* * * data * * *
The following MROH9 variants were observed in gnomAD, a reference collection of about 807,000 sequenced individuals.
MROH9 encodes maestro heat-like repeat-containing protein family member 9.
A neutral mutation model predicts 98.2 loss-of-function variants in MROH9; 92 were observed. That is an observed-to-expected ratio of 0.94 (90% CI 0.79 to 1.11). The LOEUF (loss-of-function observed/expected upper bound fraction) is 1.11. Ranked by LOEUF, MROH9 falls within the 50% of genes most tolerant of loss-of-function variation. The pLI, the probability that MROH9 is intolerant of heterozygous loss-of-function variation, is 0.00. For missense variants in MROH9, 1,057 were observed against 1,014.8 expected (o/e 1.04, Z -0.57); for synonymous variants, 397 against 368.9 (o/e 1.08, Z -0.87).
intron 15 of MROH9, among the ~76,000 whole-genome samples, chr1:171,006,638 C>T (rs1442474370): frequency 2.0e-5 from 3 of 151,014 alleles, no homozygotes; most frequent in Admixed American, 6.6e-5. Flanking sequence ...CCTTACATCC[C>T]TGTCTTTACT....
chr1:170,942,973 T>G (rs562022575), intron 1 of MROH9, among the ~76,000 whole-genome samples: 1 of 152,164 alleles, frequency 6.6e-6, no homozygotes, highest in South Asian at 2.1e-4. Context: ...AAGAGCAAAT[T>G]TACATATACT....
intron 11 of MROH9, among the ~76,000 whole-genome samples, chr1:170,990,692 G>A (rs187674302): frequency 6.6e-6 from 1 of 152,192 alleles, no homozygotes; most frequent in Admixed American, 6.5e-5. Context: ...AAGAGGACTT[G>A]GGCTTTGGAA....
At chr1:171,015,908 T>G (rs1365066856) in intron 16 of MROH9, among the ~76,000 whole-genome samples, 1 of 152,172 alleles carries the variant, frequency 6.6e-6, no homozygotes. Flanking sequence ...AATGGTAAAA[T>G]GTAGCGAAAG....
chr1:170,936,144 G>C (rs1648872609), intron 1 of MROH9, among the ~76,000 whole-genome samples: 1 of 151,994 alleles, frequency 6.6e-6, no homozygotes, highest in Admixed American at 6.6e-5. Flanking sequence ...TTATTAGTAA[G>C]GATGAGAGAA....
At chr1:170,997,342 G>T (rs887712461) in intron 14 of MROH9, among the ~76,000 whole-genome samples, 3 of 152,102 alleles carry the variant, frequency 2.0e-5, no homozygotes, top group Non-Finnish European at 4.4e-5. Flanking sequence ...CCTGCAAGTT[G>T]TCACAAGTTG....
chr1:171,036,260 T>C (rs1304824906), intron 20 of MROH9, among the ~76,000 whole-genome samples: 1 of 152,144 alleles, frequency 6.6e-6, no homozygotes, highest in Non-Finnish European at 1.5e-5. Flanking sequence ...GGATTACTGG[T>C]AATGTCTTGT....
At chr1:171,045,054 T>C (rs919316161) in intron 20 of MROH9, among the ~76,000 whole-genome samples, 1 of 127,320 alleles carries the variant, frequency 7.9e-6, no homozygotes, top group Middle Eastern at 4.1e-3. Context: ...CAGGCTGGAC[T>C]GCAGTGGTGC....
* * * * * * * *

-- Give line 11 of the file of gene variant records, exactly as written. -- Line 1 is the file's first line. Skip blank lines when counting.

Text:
At chr1:171,045,054 T>C (rs919316161) in intron 20 of MROH9, among the ~76,000 whole-genome samples, 1 of 127,320 alleles carries the variant, frequency 7.9e-6, no homozygotes, top group Middle Eastern at 4.1e-3. Context: ...CAGGCTGGAC[T>C]GCAGTGGTGC....